Off came Moreno, Martínez replaced Ramos in defence, the armband went to Busquets, and Ukraine smelled blood. When it came, 10 minutes later, it was a goal born in 1989 – Stepanenko robbed Isco and fed Yarmolenko down the right. Running at the disoriented Spanish defence, Yarmolenko’s sweeping cross found Konoplayanka, and the 31-year-old stabbed the ball home to level the scoreline. The three men were born two years before Ukraine achieved its independence, and in the rapturous celebrations, you could see how much it meant to the Ukrainian fans to witness the first goal from open play that Ukraine had ever scored in the finals of a major competition. Even from his tomb upon a grave mound high, Taras Shevchenko would have been able to hear the Ukrainians roar.
Spain were rocked. The sense of hope and change which accompanied their tiki-taka tournaments from 2008 to 2012 has been trumped in the years since by a style of football which spurned collective progress in favour of forcing mistakes and rapacious counter-punches, and Luis Enrique’s more direct style of play has yet to lead to glory. Here, the Spanish were fortuneless and ploughing fallow land, each new attack blunter than the last. Asensio and Alcácer warmed up demonstratively, but Enrique went for experience, pulling off Asencio for Santi Cazorla, who looked as surprised as anyone to be pulling his socks up over his heavily scarred right ankle for a third appearance this tournament.
It was his gentle-voiced genius that made the difference. After 85 minutes of defensive concentration, Ukraine fell asleep, and were robbed of all while sleeping. The ball fell to an unmarked Cazorla outside the Ukrainian box. Zinchenko was slow to close him down, and the little Spaniard dribbled past him with surprising ease. Stepanenko stuck out a boot, and Cazorla sidestepped it, nutmegging the exhausted midfielder in the process. With what has almost become a trademark dribble-stumble, Cazorla was carried into the Ukrainian box and through several lunging tackles, the football seemingly never under, nor out of, his control. He didn’t even look up as he deftly chipped it past Pyatov – who could only watch the ball’s untrammelled flight into the far corner as the game-winner tumbled to the earth.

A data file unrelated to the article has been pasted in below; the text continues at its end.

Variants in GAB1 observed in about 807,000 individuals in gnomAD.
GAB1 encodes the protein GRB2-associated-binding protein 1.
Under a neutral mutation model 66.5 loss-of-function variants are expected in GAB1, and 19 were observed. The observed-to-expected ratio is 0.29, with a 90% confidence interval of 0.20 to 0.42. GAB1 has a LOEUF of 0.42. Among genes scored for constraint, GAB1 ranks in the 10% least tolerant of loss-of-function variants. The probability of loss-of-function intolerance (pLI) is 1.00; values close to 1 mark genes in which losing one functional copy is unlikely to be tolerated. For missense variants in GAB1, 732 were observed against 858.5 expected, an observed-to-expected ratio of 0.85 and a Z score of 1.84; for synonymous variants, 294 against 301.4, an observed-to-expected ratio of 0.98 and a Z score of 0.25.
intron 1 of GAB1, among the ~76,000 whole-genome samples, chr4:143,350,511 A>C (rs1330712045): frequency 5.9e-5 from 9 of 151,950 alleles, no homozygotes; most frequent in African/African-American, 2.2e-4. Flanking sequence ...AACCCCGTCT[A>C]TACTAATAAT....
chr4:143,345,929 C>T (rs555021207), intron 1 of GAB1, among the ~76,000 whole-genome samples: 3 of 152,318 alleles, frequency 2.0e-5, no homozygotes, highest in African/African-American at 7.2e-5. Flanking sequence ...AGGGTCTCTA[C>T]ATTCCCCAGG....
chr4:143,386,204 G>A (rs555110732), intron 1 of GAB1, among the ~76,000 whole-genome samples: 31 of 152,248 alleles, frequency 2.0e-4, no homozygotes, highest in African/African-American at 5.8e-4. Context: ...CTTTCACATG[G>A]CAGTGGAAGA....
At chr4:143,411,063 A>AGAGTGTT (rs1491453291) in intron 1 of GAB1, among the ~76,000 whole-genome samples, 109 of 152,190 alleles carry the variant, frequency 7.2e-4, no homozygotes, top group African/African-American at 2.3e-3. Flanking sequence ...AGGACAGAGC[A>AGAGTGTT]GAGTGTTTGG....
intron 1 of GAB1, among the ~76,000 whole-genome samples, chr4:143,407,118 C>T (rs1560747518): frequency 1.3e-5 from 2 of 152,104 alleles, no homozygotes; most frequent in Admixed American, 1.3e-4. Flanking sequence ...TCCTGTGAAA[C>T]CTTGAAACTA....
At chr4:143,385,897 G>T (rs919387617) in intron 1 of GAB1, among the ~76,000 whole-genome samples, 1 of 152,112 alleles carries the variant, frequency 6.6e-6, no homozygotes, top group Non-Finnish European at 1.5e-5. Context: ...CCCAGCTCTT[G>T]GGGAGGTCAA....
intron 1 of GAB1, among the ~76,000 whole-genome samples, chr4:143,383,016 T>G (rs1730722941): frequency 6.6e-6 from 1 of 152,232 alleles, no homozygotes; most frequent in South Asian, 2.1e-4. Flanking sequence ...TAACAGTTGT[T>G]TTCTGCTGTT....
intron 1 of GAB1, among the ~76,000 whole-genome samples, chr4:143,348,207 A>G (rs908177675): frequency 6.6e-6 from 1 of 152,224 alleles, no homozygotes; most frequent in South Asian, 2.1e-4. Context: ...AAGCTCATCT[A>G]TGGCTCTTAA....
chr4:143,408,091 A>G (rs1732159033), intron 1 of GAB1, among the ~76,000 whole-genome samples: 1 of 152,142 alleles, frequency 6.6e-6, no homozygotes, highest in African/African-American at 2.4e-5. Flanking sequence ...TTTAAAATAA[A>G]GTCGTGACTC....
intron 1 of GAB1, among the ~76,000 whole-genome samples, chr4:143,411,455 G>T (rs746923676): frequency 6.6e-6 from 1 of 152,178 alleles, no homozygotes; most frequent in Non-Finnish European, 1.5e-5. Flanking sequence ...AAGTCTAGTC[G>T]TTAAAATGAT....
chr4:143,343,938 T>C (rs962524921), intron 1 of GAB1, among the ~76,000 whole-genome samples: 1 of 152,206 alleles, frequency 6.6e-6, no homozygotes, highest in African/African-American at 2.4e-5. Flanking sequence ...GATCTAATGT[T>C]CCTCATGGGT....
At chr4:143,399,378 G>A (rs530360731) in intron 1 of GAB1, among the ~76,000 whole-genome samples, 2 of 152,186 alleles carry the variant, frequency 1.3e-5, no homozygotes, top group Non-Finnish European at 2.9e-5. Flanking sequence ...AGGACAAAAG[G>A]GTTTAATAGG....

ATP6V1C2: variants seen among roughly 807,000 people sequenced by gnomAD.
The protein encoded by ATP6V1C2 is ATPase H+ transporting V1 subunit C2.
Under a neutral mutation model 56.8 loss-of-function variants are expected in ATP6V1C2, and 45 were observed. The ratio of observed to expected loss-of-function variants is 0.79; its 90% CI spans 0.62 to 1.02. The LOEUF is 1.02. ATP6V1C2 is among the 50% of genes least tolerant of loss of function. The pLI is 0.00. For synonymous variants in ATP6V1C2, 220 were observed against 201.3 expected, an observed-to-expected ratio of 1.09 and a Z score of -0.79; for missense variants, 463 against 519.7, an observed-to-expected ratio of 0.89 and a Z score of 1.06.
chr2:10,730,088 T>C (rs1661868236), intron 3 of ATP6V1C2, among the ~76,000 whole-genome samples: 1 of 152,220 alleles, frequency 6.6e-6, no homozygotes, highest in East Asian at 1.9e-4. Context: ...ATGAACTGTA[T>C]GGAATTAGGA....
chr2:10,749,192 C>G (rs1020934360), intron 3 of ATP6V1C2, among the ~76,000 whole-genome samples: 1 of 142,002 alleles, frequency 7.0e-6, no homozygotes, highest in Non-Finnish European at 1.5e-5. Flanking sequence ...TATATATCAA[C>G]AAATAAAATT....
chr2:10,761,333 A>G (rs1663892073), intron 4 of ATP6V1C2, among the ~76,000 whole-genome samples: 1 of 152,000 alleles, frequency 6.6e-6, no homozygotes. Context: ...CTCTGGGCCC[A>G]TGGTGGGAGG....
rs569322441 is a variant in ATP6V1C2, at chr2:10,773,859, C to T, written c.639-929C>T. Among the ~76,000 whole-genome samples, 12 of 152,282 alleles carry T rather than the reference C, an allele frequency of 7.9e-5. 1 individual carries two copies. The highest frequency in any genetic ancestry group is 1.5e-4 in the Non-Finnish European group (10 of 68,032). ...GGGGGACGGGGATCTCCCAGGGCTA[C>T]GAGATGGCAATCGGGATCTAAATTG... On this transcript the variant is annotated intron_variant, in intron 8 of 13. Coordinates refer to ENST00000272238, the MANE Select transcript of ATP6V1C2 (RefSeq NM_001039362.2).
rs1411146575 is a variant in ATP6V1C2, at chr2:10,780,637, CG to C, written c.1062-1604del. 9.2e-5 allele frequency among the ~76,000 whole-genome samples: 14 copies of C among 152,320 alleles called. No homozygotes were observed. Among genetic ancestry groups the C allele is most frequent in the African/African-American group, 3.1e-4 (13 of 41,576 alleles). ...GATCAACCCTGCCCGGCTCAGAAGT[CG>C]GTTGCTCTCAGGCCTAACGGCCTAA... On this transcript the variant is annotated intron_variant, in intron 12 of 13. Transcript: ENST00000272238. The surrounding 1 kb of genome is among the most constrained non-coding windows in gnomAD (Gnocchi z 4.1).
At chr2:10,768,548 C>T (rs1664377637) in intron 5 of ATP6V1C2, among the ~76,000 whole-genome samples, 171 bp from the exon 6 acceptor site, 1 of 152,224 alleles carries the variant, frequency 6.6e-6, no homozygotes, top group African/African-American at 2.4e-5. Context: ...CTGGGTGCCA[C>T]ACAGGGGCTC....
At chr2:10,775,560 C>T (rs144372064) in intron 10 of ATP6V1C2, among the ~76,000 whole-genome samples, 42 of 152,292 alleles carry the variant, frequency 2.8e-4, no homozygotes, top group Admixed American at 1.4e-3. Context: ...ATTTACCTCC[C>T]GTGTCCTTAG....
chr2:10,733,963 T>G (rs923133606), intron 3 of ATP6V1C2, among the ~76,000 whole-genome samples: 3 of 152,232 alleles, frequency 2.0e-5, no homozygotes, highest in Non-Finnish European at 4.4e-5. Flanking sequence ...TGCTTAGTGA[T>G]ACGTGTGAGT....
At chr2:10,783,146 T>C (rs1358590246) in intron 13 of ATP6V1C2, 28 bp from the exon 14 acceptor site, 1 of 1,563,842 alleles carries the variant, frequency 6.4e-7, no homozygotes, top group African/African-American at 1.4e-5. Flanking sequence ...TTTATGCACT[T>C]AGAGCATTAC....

Cazorla disappeared under a pile of ecstatic red shirts, and the Ukrainian players stared stunned across the pitch - their fan’s tears poured out in vain, their hopes scattered over the field, their erstwhile glory crumbled into dust. They had toiled and fought and found a new share for their old plough, but on that field what crop had grown? Rue had grown. Spain were through.
There’s a mural on a wall in Kharkiv. An old man looks us fiercely in the eye, brandishing his heavily chained fists, while a younger man wraps him in an embrace that is both comforting and comforted. These are the so-called ‘Brothers Shevchenko’ – Taras, the father of a nation, and Andriy, Ukraine’s most favoured footballing son. All things must come to naught, it seems to be saying, but the fight can be its own reward.